Piłsudski Square

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Piłsudski Square. The cross in the front commemorates Pope John Paul II's celebration of Holy Mass in the square in 1979. The colonade in the background houses the Tomb of the Unknown Soldier.
Piłsudski Square 1939
Piłsudski Square (then Victory Square) during Pope John Paul II visit to Warsaw; Holy Mass, 1979

Piłsudski Square (Polish: plac marsz. Józefa Piłsudskiego), previously Victory Square (plac Zwycięstwa, 1946-1990) and Saxon Square (Plac Saski, 1814–1928), is the largest city square of Poland's capital, located in the Warsaw city centre. The Square is named for Marshal Józef Piłsudski who was instrumental in the restoration of Polish statehood after World War I.[1]

Current and previous names[edit]

Over the centuries, the square has been named successively as the Saxon Square (Plac Saski) after Poland's Saxon kings with the Saxon Palace standing adjacent to the square, but destroyed in World War II; then the Piłsudski Square (after Józef Piłsudski) during Second Polish Republic; then briefly, the Adolf Hitler Platz during Germany's World War II occupation of Warsaw; and, after 1946, the Victory Square (Polish: plac Zwycięstwa) in honor of Poland's and her allies' victory in World War II. At present, it is again called Piłsudski Square.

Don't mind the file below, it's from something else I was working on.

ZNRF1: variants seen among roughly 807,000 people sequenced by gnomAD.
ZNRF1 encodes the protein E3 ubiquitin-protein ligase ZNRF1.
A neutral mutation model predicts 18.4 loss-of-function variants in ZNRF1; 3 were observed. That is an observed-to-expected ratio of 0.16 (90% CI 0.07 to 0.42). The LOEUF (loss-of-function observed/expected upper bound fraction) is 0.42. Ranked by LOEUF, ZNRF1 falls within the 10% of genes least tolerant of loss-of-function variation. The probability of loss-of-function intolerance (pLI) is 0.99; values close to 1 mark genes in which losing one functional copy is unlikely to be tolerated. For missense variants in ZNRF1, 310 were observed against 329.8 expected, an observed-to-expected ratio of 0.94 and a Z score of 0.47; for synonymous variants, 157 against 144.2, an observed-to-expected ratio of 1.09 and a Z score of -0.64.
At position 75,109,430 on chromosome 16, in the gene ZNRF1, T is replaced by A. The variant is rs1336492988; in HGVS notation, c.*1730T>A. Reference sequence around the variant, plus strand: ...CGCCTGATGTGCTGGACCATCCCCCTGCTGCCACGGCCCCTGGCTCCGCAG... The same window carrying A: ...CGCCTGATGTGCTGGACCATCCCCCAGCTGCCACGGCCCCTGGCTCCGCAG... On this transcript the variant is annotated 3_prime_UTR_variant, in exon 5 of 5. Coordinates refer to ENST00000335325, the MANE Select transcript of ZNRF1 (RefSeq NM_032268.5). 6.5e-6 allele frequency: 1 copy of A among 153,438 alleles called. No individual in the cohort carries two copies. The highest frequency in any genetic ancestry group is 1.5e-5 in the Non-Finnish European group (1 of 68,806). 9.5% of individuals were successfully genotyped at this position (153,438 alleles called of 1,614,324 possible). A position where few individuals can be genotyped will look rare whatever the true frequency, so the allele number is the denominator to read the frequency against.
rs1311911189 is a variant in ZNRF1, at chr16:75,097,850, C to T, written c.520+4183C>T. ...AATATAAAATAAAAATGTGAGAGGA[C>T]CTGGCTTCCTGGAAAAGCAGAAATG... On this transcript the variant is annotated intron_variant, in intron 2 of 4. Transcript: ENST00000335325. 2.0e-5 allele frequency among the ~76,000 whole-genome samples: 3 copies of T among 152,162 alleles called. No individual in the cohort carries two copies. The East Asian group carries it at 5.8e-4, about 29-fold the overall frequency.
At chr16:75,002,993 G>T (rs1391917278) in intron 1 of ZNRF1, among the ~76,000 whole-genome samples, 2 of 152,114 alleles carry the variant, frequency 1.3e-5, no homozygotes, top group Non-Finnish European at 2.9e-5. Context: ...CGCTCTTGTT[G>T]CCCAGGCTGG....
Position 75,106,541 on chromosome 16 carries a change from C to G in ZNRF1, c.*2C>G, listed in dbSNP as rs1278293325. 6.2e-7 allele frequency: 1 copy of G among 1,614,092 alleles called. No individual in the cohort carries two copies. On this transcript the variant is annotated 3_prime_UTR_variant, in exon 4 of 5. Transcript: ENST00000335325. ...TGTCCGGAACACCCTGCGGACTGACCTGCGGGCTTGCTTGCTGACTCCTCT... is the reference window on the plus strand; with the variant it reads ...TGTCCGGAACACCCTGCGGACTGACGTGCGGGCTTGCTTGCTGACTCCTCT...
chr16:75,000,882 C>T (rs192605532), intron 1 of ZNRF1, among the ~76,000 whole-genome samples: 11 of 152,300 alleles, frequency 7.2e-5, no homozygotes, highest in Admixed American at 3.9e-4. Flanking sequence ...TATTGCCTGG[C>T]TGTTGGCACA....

Piłsudski Square is the site of the Tomb of the Unknown Soldier, erected on top of the underground foundations of the Saxon Palace, destroyed by the Nazis in World War II.


The Square has been the scene of many historic events over the centuries. Important guests of Warsaw and Poland have been officially welcomed there. The Military parades were held at the Square since the 19th century partitions. From the 1890s to the 1920s, the orthodox Alexander Nevsky Cathedral stood there. As most of the other orthodox churches in Warsaw it was demolished in mid-1920s by the Polish authorities less than 15 years after its construction, and in 1928 the square was renamed after Józef Piłsudski.

It was on the Piłsudski Square (then still Victory Square) in 1979 that Pope John Paul II addressed a large gathering of his countrymen at an open-air Holy Mass during his first visit to Poland soon after his 1978 elevation to the papacy. In April 2005, his death was mourned there also. Pope Benedict XVI celebrated an open-air Mass on the Square on 26 May 2006, during his first pastoral visit to Poland. The square is now a location of some luxury shops, such as Italian Valentino and others.


The square is located in front of the 15–hectare Saxon Gardens extending south-west, close to the Zachęta and the Holy Trinity Church. The nearest metro station is Świętokrzyska (see Warsaw Metro).

See also[edit]

Notes and references[edit]

  1. ^ Strona placu Józefa Piłsudskiego. Official website. (in Polish)

Coordinates: 52°14′28.41″N 21°0′45.94″E / 52.2412250°N 21.0127611°E / 52.2412250; 21.0127611